November Man

So a friend said, “Let’s go see November Man.  I really like Pierce Brosnan!”  So we went to see it.  This is a spy adventure with lots of action and a bit more violence than I’m really comfortable with.  The action is great.  It’s a bit reminiscent of the Brad Pitt/Robert Redford movie, Spy Game, where there’s an experienced spy who trained a younger spy only in November Man, the two end up pitted against each other.  Based on the Bill Granger novel, There Are No Spies, Brosnan plays the lead role of the experienced, retired spy, Peter Devereaux (code named November Man), who is called out of a sleepy civilian life in Switzerland by a CIA agent to bring a spy out of Russia.  She is his former lover and the mother of the daughter he is raising on his own and he’s told she asked for him to bring her out.  It turns out that his assignment has not been sanctioned by the CIA, there is another team ready to pick her up and she is totally surprised to see him.  When it becomes apparent that her cover is blown, the other team terminates her as she sits beside Devereaux in his car.  Leaving her, he goes after the other team, eliminates all but the last one he encounters — his protegé, David Mason.  Before she dies, Celia (played by Catarina Scorsone) gives Devereaux the name of the witness who can bring down the next Russian Premier.  All he has to do is locate her, protect her, and get her in front of a Senate committee in the States.  Problem is, he’s not the only one looking for her, plus Mason is looking for him!

It’s a pretty good plot and Brosnan fits the bill for the older spy.  Mason, played by Luke Bracey, is excellent as the somewhat insecure protegé up against his former trainer.  The witness, played by Olga Kurylenko, has disappeared, covered her tracks, and has a new life to protect but is none-the-less drawn into the action when a Russian hit woman is ready to terminate her just as Devereaux and Mason and his team, converge on her meeting with a journalist in a restaurant.  Layers are peeled away as she and Devereaux run.  The action is fine.  The violence is a bit over the top.  There’s a certain amount of gratuitous sex which, I guess, is to be expected given the charges against the Russian politician.  I’ve seen several wonderful movies this summer that had almost no swearing, no violence, no gratuitous sex, and yet weren’t the least bit boring.  Am I in the minority?  Possibly.  What movies have you seen this summer that you liked and which category would they be in: parental guidance or restricted?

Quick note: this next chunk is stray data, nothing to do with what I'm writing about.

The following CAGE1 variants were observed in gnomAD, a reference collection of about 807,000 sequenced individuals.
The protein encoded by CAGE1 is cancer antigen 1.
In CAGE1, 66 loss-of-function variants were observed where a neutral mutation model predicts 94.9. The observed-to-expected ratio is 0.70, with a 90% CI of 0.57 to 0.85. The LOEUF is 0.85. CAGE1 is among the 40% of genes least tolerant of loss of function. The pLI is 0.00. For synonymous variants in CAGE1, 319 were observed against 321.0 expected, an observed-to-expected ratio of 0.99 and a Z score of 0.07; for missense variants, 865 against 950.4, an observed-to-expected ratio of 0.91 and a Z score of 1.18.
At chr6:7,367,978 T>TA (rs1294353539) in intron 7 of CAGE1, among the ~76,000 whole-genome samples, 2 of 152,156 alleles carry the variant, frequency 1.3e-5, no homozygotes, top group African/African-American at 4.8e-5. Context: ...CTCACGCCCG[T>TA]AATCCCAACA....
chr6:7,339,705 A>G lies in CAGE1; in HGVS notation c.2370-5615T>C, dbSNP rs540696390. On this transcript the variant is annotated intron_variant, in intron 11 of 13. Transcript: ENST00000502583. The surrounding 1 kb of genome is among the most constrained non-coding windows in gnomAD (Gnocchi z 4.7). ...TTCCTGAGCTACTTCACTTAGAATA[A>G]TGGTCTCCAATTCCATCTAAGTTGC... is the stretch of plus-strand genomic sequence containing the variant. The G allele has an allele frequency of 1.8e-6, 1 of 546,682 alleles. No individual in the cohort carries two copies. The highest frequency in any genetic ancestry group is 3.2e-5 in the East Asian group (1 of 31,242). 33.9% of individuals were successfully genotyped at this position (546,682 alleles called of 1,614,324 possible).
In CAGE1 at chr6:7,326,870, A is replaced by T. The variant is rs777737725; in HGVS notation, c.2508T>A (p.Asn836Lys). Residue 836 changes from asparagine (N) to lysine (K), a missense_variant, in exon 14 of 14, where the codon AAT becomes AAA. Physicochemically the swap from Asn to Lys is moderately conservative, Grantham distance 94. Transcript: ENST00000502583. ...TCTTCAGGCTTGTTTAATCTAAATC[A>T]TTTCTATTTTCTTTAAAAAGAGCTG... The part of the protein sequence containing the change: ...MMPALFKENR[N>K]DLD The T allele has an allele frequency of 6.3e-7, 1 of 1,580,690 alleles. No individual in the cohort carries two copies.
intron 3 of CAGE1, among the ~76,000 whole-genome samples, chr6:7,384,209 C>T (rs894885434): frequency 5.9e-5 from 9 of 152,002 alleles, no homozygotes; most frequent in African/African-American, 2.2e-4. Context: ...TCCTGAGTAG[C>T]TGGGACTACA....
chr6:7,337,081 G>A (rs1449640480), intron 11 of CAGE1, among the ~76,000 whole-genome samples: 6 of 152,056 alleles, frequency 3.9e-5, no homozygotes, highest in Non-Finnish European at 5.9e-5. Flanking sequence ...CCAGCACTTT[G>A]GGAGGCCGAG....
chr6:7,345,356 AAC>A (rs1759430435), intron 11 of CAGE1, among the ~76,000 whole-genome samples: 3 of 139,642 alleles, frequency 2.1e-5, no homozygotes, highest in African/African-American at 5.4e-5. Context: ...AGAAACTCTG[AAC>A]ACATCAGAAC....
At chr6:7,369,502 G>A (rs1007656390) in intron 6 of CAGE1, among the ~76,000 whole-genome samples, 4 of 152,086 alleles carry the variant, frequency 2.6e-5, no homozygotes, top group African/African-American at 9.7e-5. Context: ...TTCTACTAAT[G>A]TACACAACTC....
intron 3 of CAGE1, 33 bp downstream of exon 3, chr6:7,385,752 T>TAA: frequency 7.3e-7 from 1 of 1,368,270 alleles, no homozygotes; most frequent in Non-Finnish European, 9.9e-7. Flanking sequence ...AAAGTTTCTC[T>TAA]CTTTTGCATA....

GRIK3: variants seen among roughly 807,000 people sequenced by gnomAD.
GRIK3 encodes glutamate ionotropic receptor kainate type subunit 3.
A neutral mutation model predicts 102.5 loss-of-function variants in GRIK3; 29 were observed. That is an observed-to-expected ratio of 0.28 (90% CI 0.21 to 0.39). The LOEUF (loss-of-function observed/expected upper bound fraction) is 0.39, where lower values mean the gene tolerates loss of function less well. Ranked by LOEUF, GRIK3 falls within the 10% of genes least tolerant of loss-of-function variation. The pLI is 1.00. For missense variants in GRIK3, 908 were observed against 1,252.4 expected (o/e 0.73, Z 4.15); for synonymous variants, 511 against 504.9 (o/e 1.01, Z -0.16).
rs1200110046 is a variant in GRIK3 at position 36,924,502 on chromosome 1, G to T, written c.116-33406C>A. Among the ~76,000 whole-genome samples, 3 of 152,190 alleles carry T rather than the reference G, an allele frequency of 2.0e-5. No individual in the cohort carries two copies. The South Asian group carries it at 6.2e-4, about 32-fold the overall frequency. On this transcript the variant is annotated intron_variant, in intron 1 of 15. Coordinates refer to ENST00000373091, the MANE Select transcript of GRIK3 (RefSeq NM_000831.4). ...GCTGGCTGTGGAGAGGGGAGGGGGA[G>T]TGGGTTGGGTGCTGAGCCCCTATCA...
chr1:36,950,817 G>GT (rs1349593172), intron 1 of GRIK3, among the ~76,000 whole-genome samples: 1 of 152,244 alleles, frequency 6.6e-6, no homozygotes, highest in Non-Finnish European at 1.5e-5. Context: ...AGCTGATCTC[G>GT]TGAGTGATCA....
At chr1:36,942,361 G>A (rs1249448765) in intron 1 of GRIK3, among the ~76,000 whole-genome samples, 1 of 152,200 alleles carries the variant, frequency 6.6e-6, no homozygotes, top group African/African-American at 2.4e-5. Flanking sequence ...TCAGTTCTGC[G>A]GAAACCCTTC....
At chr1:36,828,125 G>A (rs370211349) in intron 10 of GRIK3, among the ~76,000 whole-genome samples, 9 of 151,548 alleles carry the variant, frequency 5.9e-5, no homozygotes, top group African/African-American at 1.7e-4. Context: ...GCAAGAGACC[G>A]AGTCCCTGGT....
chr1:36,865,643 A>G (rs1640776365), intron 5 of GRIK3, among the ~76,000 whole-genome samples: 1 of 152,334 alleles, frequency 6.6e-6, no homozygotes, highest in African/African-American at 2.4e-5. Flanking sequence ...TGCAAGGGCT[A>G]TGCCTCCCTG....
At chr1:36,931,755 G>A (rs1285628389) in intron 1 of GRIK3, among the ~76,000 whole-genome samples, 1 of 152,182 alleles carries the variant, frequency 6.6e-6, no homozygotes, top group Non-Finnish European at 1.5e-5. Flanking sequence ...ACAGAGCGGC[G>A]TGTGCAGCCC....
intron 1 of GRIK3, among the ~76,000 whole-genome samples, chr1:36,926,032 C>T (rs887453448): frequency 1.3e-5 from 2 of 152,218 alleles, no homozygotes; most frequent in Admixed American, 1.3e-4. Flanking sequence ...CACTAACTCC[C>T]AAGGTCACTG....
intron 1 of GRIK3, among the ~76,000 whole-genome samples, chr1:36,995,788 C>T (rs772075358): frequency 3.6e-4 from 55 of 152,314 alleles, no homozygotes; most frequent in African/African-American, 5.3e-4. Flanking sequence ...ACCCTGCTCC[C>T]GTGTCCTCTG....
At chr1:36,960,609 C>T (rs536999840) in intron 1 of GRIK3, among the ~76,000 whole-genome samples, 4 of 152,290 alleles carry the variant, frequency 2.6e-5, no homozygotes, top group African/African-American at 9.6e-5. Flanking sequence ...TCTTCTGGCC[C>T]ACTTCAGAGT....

Directed By: Roger Donaldson

Written By: Michael Finch, Karl Gajdusek


About mysm2000

Having taught elementary school for more than 25 years and been involved in many amazing technology and curriculum projects, I find I've developed a myriad of interests based on literature I've read and music I've heard. I've followed The Wright Three to Chicago, Ansel Adams to Colorado, The Kon Tiki Expedition to Easter Island, Simon & Garfunkel lyrics to New York City, Frank Lloyd Wright to Fallingwater, Pennsylvania, and have only just begun.
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